Life Style

The paint must hit the lowrider cyborg from all sides. Here comes Mario Ayala.

Mario Ayala in his studio

(Star Montana / For The Times)

This story is part of “Corpo RanfLA: Terra Cruiser,” a special collaboration between rafa esparza, Image magazine and Commonwealth and Council. See how the whole project came to be here.

A lot of my work is autobiographical, alludes to some of my family’s history. I’m very close to my father — he’s a truck driver, and a car fan himself, of older cars specifically. Those have become interests of mine, through him. The moments that stick out are being with my father and him showing some importance to cars, almost as sculptures. I’m similarly interested in cars through painting, form, color and imagery — all the components that come through customization.

I met rafa esparza through a friend of mine, Guadalupe Rosales. I was really intrigued by how rafa’s performances are somewhat sculptural, powerfully cleansing. Growing up with grandparents who were from Cuba, who practiced Santeria, I think traditions and celebrations have always been interesting to me. I’d been a fan of rafa’s work when, in 2018, he asked me to collaborate on the first version of the “Corpo Ranfla” project. He knew that I airbrushed and was also thinking about how the mechanics of a car machine resemble parts of the human body — are kind of extensions of them in some ways. He decided that he wanted to elaborate his project in a way where I could paint him like a car. We became better friends through that project, connecting over our fathers, interests in customization and how we create a language using a similar set of ideas.

The day I painted his body was a really intense day of having to basically make this project possible — imagining that there’d be this one day where we painted his entire body. We used a base coat of highlighter pink. The reference was from this car called Gypsy Rose, an iconic lowrider that has really bright pink base cuffs. A couple of murals were designed for his chest and his back. It was pretty laborious. It was the first time I had ever painted a body. I’m stoked that rafa asked me to be a part of his work again for Art Basel. It’s going to be a really iconic moment.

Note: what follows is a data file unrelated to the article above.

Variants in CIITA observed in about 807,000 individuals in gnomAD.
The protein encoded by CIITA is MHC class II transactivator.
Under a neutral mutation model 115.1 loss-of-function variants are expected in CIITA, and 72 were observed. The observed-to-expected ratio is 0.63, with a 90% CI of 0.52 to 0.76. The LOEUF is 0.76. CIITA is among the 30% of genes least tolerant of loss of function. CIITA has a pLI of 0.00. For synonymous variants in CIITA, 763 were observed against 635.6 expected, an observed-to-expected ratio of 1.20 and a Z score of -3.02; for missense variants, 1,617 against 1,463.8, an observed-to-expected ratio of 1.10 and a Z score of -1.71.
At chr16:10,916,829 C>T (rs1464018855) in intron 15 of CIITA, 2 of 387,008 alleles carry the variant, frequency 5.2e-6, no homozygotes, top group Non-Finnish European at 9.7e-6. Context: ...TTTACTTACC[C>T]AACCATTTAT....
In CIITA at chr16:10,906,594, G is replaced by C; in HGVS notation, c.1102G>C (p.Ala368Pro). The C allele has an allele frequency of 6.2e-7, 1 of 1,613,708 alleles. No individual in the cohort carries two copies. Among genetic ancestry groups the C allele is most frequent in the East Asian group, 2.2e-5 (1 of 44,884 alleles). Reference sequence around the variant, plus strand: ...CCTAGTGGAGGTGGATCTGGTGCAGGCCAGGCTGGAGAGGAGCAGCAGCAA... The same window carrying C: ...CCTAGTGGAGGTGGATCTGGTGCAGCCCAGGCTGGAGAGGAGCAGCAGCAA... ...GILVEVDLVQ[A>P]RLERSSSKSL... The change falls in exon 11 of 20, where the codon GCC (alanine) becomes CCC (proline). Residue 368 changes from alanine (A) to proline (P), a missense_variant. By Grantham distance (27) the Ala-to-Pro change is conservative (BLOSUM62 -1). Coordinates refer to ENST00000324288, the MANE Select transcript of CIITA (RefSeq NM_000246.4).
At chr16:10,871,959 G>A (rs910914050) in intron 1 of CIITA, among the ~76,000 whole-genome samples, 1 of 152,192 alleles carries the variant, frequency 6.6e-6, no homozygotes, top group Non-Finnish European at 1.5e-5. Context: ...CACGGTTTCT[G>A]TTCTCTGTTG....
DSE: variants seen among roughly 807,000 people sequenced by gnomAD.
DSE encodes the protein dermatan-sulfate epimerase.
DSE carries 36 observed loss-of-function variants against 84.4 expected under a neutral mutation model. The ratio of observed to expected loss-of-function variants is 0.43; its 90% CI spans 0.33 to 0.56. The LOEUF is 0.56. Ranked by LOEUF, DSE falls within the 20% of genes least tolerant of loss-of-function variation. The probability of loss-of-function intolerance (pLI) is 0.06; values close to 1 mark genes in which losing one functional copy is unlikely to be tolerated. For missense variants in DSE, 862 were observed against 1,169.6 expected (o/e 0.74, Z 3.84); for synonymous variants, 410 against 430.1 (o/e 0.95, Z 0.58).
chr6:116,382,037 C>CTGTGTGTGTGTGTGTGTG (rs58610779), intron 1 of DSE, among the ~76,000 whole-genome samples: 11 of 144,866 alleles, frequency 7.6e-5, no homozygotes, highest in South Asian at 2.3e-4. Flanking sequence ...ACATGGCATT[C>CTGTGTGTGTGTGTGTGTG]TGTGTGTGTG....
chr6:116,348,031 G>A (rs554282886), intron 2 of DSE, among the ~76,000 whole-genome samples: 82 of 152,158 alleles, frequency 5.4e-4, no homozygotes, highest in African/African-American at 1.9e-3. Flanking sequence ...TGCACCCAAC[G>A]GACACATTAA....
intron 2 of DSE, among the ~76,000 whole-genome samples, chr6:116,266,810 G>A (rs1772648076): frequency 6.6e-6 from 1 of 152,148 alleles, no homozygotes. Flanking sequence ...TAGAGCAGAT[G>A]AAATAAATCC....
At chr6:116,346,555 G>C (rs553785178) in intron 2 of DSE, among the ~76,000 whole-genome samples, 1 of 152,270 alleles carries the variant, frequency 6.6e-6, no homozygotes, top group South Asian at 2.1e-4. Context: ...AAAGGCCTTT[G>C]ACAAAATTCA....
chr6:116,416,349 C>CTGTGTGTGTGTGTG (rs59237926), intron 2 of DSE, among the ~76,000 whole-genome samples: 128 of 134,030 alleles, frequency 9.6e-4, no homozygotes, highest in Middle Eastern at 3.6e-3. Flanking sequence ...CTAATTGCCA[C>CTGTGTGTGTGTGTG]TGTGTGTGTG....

I have cars, I have lowriders. I have friends that I cruise with. It’s nothing complicated — the enjoyment of cruising or being around other cars transcends as a feeling of enjoyment of doing something outside of the studio. As much as I am enamored with the Baroque aesthetic of how some of the vehicles look, sometimes the hang is purely out of a fundamental necessity to hang out. It’s almost simple, in comparison with how heavy and technical the rest of other things in life can be.

Mario Ayala in his studio with his dog, both looking intently at the camera

Like rafa esparza, Mario Ayala is interested in “how the mechanics of a car machine resemble parts of the human body.”

(Star Montana / For The Times)

I feel like my friends and family and community here outshine any motif that I have in a painting. That comes through the work in some other visual way. For example, I curated this group show at this gallery called Public Access in New York. It was more about showing a group of friends, including rafa — I wanted them to have a conversation with one another. I didn’t really think too much about making something; it was more about this communal hang, if you will, that I wanted to construct and coordinate. Sometimes I feel like those are the stronger pieces — the ones that I’m responsible for, like some type of glue.

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